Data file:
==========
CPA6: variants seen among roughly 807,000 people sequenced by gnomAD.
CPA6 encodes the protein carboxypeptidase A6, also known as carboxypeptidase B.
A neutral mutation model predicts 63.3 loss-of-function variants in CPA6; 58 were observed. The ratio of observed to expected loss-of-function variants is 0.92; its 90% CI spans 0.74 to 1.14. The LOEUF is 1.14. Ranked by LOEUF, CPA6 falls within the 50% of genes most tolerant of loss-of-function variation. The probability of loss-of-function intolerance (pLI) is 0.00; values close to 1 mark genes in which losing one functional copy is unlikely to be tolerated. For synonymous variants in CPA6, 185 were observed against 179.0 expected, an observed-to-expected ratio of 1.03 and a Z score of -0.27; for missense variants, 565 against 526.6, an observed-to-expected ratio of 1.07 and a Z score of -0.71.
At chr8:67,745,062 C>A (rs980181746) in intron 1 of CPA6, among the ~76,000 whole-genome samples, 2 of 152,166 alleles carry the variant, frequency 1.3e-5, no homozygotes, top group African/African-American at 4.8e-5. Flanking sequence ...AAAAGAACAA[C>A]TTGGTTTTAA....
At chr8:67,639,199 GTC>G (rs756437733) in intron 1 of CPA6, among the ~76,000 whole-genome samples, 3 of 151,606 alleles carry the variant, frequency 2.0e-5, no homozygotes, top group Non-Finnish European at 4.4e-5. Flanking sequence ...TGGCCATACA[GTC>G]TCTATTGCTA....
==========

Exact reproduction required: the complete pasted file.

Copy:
CPA6: variants seen among roughly 807,000 people sequenced by gnomAD.
CPA6 encodes the protein carboxypeptidase A6, also known as carboxypeptidase B.
A neutral mutation model predicts 63.3 loss-of-function variants in CPA6; 58 were observed. The ratio of observed to expected loss-of-function variants is 0.92; its 90% CI spans 0.74 to 1.14. The LOEUF is 1.14. Ranked by LOEUF, CPA6 falls within the 50% of genes most tolerant of loss-of-function variation. The probability of loss-of-function intolerance (pLI) is 0.00; values close to 1 mark genes in which losing one functional copy is unlikely to be tolerated. For synonymous variants in CPA6, 185 were observed against 179.0 expected, an observed-to-expected ratio of 1.03 and a Z score of -0.27; for missense variants, 565 against 526.6, an observed-to-expected ratio of 1.07 and a Z score of -0.71.
At chr8:67,745,062 C>A (rs980181746) in intron 1 of CPA6, among the ~76,000 whole-genome samples, 2 of 152,166 alleles carry the variant, frequency 1.3e-5, no homozygotes, top group African/African-American at 4.8e-5. Flanking sequence ...AAAAGAACAA[C>A]TTGGTTTTAA....
At chr8:67,639,199 GTC>G (rs756437733) in intron 1 of CPA6, among the ~76,000 whole-genome samples, 3 of 151,606 alleles carry the variant, frequency 2.0e-5, no homozygotes, top group Non-Finnish European at 4.4e-5. Flanking sequence ...TGGCCATACA[GTC>G]TCTATTGCTA....